Streaming JSON objects with python

Dear Lazyweb,

Suppose I'd like to create an HTTP service that gives you a looong list of JSON objects. For example, one JSON object for every package in Debian.

One way I could do that is to just transfer a big, dozens of megabytes JSON array with one element per package. With the standard json module in python, this requires the client to buffer all the data in memory for decoding, as the JSON result would be something like this:

  { info for package 1 },
  { info for package 2 },
  ...dozens of megabytes...
  { info for package 30000 },

However, it would be reasonable to engineer things so that the client can process packages one at a time, as they are produced. This can dramatically reduce client memory usage, as well as remove a large latency between the start of the request and the start of processing.

One trivial idea would be to just send JSON objects one after the other, and sort of call load multiple times. It doesn't work:

import json
from cStringIO import StringIO
a = StringIO()
json.dump({1:3}, a)
json.dump({2:4}, a)
print a.getvalue()
print json.load(a)


$ python
{"1": 3}{"2": 4}
Traceback (most recent call last):
  File "", line 8, in <module>
    print json.load(a)
  File "/usr/lib/python2.6/json/", line 267, in load
    parse_constant=parse_constant, **kw)
  File "/usr/lib/python2.6/json/", line 307, in loads
    return _default_decoder.decode(s)
  File "/usr/lib/python2.6/json/", line 322, in decode
    raise ValueError(errmsg("Extra data", s, end, len(s)))
ValueError: Extra data: line 1 column 8 - line 1 column 16 (char 8 - 16)

And the json module documentation does not provide any way of telling the "stream" decoder to just stop parsing after the first valid object.

An alternative can be to use chunked transfer encoding and transfer each JSON object in a separate HTTP chunk. It would add the overhead of a little HTTP header per JSON object, which could be significant when generating lots of small JSON objects, but it would be an implementation that strictly follows HTTP and JSON standards to the letter in a clean way.


  1. How do you stream HTTP chunks in WSGI? The WSGI specification's only mention of chunks is that if you produce a result as a generator of "chunks", they are just sent one after the other (effectively, concatenated) in the response stream.
  2. How do you read and process one chunk at a time with urllib/urllib2? I searched on Google but I only found people in tears.

Another alternative is to wrap the JSON objects in some custom container protocol, but then we are not talking standards anymore.

Is this all you can do with the standard python library? Can this only be done by adding a dependency on a C library with two obscure separately maintained bindings, or by writing my own JSON parser?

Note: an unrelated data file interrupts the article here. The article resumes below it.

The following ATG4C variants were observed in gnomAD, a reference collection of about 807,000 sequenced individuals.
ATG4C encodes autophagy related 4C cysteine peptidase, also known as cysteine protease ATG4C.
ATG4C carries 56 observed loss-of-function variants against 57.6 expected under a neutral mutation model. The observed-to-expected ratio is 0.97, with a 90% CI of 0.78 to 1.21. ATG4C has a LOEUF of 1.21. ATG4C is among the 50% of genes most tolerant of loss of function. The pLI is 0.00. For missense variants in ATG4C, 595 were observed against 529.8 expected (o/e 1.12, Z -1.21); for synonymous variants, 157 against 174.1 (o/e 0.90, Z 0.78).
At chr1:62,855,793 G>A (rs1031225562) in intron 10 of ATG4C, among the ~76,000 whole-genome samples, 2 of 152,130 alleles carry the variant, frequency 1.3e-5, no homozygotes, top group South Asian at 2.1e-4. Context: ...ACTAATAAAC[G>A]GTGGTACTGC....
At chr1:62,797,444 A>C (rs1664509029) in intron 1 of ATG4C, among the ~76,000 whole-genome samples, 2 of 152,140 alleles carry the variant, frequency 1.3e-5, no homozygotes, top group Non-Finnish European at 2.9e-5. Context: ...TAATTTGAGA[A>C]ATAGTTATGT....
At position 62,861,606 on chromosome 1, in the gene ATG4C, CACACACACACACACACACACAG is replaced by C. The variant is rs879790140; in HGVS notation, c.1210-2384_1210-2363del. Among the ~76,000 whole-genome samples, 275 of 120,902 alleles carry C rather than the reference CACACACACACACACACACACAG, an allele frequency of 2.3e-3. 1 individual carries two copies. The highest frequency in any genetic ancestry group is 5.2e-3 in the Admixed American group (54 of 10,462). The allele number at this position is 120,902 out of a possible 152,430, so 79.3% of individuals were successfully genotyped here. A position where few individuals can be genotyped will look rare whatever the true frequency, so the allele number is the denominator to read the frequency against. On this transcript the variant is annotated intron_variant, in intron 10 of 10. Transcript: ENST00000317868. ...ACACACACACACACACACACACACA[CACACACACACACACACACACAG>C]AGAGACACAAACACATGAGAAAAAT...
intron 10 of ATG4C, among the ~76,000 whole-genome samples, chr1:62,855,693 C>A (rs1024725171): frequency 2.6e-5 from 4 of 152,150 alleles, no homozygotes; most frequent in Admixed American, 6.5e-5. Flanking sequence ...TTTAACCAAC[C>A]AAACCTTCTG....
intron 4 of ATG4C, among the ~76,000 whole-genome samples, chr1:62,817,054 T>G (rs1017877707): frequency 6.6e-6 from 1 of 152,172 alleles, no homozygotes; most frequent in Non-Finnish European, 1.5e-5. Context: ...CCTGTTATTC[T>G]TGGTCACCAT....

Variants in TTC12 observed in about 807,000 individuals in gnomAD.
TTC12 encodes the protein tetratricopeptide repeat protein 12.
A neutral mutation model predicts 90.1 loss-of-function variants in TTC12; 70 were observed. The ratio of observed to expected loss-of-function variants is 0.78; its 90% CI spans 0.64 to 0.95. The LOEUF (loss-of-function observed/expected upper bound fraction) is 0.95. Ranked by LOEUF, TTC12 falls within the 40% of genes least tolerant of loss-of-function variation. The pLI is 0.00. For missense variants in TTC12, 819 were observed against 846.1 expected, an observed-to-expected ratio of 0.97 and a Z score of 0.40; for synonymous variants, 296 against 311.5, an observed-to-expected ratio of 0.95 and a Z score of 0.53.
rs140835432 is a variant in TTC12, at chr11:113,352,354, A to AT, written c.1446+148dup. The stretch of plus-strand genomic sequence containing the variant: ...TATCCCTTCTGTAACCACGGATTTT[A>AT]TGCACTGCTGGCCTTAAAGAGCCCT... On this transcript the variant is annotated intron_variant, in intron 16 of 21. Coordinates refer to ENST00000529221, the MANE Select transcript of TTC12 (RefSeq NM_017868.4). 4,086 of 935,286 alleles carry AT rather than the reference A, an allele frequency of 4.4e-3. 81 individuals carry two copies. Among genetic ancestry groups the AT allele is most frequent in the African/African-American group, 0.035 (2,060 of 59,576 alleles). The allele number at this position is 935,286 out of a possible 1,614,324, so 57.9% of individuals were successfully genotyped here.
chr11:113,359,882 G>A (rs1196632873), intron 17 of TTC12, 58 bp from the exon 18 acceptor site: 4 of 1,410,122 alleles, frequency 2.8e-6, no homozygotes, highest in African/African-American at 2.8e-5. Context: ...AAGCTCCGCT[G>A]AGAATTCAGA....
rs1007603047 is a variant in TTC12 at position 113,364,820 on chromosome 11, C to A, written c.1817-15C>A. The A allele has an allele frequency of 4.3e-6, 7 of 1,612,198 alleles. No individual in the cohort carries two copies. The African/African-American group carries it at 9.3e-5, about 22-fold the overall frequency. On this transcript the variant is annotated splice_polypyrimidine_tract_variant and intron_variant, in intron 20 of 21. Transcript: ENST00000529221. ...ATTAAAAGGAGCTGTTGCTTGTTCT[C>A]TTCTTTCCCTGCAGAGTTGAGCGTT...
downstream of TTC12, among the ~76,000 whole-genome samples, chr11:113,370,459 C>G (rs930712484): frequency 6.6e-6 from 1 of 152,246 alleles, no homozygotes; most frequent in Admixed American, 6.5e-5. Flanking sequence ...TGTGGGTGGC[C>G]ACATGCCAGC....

Ideas? Please mail and I'll add them here.


Wouter van Heyst mentions that he heard of ijson, which indeed has my exact use case in the synopsis, but after some research looks like a third binding for yajl.

Aigars Mahinovs suggests using YAML instead of JSON. Indeed YAML supports streaming very well (it's even already supported in DDE, but last time I tried to do anything serious with it, PyYaml was slooow. Of course, this being the Python ecosystem, There Are Lots Other Ways To Do It And You Shall Be Patronised For Not Chosing The Proper One, but Debian only has PyYaml. Another itch with YAML is that there is no YAML parser in the standard python library, which requires clients to add an extra dependency.

Jyrki Pulliainen has so far mailed my favourite solution: disable formatting in the encoder and separate JSON objects with newlines:

we built a streaming JSON app as a part of our platform. However, we
didn't stream a single JSON object as that was a bit cumbersome. When
having syntax like:


The reader has some problems. Should it read the whole stream to find
the closing bracket ] even if the stream would me tens of megabytes?
Should it try to split on , and parse single objects? What if the
objects contain , so should there be some regexp magic?

We ended up streaming separate JSON objects separated by newlines
(\n). This way the reader can read until hitting \n or end of stream
and then split the result on newlines. The new stream looked like


This way we could efficiently stream hundreds of thousands of JSON
objects from server to client without reserving a load of memory. For
the WSGI part how to do this, the best would probably to do a
generator that would yield a single JSON object with the newline (we
didn't use WSGI back then). Reading can be done using any reader
capable of handling streams. We used pycurl for reading, but I can't
really recommend it as it is way too complicated for a simple task
like this :p

Hopefully this helps!

This means that if the client has no access to a JSON reader that supports a stream of concatenated toplevel objects, they can still trivially code it on top of any JSON library. This means that working clients can be written based just on Squeeze's python standard library. That's what I'm going to do; I'll probably implement it as a separate 'jsons' output format for DDE, because producing a JSON response with multiple toplevel obejcts somehow breaks the JSON standard.

Thanks to all who provided this excellent information!